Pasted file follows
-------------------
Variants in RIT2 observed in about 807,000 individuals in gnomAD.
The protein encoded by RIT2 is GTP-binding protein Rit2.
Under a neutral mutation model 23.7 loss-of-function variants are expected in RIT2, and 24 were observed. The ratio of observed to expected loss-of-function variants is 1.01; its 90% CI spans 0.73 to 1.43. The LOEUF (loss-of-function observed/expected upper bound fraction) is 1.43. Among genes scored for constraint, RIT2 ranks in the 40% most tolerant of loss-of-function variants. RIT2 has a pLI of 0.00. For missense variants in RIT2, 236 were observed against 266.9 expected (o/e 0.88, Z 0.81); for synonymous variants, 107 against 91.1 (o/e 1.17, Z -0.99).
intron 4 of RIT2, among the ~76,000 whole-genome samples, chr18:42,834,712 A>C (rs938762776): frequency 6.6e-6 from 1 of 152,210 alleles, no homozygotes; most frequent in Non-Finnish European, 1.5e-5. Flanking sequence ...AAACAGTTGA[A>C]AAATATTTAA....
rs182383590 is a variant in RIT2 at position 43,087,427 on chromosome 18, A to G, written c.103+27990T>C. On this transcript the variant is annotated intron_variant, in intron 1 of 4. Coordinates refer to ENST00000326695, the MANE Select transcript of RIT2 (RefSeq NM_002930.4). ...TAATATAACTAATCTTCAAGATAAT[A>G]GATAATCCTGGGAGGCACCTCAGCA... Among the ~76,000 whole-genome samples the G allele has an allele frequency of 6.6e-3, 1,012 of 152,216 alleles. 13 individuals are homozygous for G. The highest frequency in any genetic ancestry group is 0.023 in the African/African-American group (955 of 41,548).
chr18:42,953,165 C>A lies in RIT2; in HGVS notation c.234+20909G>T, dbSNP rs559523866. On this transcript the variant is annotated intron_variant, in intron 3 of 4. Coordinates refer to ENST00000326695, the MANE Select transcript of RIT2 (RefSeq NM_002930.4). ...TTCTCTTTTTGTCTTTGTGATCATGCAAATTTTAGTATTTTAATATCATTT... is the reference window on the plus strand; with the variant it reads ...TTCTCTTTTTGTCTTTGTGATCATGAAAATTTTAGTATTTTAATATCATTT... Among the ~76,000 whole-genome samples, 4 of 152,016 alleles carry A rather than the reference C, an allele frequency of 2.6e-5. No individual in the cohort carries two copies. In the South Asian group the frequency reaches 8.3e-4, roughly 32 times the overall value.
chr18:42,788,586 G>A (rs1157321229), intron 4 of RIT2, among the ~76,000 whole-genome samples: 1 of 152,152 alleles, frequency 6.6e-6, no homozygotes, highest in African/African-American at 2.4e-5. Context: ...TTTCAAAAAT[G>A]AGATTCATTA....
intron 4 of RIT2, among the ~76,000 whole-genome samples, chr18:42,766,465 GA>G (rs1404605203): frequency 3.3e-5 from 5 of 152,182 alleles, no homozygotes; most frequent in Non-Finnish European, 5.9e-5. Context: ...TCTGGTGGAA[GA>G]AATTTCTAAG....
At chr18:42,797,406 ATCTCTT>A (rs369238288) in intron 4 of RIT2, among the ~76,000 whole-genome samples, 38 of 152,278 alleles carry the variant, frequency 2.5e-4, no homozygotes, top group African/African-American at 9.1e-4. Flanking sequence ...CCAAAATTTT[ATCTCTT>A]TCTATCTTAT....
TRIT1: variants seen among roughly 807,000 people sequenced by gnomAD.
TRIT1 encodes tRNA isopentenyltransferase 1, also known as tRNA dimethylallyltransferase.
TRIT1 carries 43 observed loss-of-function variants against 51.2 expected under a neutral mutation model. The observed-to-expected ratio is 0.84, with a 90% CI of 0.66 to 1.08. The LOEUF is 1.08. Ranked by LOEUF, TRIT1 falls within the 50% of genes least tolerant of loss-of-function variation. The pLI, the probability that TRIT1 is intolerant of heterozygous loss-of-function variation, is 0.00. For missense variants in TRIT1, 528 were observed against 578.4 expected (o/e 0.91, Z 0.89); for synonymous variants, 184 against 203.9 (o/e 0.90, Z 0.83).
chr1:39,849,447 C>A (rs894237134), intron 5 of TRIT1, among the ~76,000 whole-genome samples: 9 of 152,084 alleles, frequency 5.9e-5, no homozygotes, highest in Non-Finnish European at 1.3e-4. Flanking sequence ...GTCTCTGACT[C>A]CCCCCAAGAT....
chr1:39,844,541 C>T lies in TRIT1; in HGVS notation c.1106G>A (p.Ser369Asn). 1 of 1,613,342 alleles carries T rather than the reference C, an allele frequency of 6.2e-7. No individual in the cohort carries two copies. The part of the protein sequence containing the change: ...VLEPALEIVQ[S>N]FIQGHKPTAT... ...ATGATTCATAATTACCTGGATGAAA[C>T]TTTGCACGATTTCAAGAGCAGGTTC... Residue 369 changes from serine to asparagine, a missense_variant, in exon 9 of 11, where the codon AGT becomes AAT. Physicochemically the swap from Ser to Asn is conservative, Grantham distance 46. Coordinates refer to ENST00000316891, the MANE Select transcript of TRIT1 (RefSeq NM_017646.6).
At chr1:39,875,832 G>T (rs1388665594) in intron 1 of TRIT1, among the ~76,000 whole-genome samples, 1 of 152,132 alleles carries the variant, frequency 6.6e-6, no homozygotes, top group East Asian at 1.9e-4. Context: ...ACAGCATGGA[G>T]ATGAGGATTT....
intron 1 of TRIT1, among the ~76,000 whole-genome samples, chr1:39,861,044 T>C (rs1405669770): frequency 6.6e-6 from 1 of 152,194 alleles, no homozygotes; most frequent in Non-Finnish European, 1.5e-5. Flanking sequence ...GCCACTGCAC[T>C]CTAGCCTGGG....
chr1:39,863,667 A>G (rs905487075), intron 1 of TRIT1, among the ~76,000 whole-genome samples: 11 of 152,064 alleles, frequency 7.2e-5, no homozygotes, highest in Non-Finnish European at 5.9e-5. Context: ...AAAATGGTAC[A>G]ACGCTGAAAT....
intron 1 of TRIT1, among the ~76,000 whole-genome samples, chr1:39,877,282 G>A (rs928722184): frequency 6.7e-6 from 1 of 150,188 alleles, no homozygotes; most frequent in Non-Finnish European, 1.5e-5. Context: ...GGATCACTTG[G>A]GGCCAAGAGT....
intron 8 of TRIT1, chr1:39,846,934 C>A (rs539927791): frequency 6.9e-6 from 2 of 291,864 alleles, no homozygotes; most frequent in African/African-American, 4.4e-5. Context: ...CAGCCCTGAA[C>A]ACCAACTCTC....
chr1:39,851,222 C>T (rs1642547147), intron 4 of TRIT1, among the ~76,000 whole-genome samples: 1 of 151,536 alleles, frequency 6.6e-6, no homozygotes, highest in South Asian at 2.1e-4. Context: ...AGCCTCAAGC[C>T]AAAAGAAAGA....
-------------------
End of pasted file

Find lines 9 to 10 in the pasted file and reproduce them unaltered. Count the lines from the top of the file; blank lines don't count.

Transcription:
At chr18:42,797,406 ATCTCTT>A (rs369238288) in intron 4 of RIT2, among the ~76,000 whole-genome samples, 38 of 152,278 alleles carry the variant, frequency 2.5e-4, no homozygotes, top group African/African-American at 9.1e-4. Flanking sequence ...CCAAAATTTT[ATCTCTT>A]TCTATCTTAT....
TRIT1: variants seen among roughly 807,000 people sequenced by gnomAD.